In the Mandara Mountains of Cameroon live various ethnic groups commonly referred to as Kirdi; this particular group are the Mofou. Their buildings are created from the stone rubble that covers the Mandara mountain terrain. Much of the stone has natural fracture lines that tend to split into thick flat sheets. These ready-made bricks—along with defense needs—helped to inspire the construction of their huge castle-like complexes. But rather than the Euclidean shapes of European castles, this African architecture is fractal, with small circular granaries and larger circular granaries spiraling within three large stone enclosures, which themselves spiral from a central point (can you find the only square building?). There is a sort of recipe or algorithm that determines how the system expands to accomodate growth. It is determined by knowledge of the agricultural yield. This volume measure was then converted to a number of granaries and these were arranged in spirals. The design is not simply a matter of adding on granaries randomly, but rather the expansion of a quantitative and deliberate process.

Can you guess the purpose of the square building at center?

The square building is the village altar. It is the site of both religious and political authority; it is the location for rituals which generate cycles of agricultural fertility and ancestral succession. Again the self-generating geometic algorithm of the architecture reflects a self-generating concept of society.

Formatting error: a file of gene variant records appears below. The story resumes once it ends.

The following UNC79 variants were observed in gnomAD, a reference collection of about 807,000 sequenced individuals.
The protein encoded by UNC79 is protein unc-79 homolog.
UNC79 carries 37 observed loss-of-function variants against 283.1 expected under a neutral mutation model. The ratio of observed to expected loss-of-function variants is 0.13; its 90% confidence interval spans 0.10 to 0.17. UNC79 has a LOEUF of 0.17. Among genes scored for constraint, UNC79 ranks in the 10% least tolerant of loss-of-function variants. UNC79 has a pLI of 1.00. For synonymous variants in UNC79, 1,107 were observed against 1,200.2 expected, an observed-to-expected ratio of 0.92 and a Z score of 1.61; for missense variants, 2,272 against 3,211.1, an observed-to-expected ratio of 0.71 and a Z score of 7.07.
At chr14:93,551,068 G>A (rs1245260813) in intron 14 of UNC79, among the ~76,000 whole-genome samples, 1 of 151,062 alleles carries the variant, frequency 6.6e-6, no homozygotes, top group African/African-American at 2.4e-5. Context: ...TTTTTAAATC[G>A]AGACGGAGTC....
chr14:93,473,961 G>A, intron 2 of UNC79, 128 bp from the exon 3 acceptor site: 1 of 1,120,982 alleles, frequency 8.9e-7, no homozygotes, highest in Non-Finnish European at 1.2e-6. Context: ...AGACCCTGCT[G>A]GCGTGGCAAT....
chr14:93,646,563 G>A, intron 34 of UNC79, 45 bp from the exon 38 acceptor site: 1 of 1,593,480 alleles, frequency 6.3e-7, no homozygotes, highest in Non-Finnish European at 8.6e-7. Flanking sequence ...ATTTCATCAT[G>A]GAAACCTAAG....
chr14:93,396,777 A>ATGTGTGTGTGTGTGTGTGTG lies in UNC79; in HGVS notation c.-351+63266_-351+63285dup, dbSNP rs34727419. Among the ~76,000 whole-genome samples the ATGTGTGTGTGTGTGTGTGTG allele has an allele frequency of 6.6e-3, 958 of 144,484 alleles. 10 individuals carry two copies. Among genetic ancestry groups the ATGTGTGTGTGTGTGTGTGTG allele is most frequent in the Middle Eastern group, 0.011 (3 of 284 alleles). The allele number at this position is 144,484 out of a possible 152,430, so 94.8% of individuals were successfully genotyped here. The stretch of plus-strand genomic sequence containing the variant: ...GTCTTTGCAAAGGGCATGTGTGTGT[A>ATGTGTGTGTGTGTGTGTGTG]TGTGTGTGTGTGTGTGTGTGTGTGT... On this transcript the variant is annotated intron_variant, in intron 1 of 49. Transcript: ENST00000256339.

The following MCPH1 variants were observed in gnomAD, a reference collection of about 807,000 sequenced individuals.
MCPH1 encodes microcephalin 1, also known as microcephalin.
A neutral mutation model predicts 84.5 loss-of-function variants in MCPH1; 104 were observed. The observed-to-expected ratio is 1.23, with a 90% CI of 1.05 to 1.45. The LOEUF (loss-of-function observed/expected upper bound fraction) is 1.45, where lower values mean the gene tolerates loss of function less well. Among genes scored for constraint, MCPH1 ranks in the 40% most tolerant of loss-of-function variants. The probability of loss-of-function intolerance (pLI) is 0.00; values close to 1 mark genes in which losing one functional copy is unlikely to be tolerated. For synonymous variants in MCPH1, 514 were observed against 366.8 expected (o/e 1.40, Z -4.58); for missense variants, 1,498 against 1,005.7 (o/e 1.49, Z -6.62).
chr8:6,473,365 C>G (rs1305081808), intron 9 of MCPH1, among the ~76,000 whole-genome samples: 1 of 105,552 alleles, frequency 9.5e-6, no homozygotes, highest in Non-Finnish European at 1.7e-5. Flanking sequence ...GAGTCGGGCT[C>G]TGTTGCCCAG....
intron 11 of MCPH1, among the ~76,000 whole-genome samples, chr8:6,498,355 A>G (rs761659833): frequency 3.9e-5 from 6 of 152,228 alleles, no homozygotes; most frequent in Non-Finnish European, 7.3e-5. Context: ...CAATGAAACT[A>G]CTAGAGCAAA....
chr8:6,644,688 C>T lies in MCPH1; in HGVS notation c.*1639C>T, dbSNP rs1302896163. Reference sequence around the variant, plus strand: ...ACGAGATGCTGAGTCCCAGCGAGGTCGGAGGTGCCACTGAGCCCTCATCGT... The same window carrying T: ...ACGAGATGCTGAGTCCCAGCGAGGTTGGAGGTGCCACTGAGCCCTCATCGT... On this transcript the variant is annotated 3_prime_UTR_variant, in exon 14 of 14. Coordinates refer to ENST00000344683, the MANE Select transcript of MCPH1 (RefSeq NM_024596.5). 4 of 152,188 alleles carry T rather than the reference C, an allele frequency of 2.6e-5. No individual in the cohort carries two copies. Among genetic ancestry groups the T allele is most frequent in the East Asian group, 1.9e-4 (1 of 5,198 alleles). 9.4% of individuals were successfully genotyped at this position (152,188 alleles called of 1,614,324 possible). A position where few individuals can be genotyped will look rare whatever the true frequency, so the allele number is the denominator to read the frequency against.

Mokoulek
Kitwe Community Clinic
Kitwe Community Clinic
Floor Plan

African fractals continue to evolve in today’s society. In Africa, they are present in professional studio art, in large-scale public art works (such as on the facade of the University of Dakar library), and even the undistinguished sellers of tourist art, who occasionally produce creations that involve fractal characteristics. In the U.S., architect Bernard Tsuchmi has experimented with the software you are using to design a modern art museum in New York City. Fractals also continue in modern African architecture. In collaboration with African American architect David Hughes, Alex Nyangula at Copperbelt University in Zambia used a fractal branching pattern to create the beautiful design above that fuses Indigenous and modern forms of African architecture.

The Kitwe design has lots of potential for expansion. But the expansion is limited if the shape intersects itself. This one itersects itself in the 5th iteration. See if you can change the design so that it will achieve higher iterations before self-intersection.

Kitwe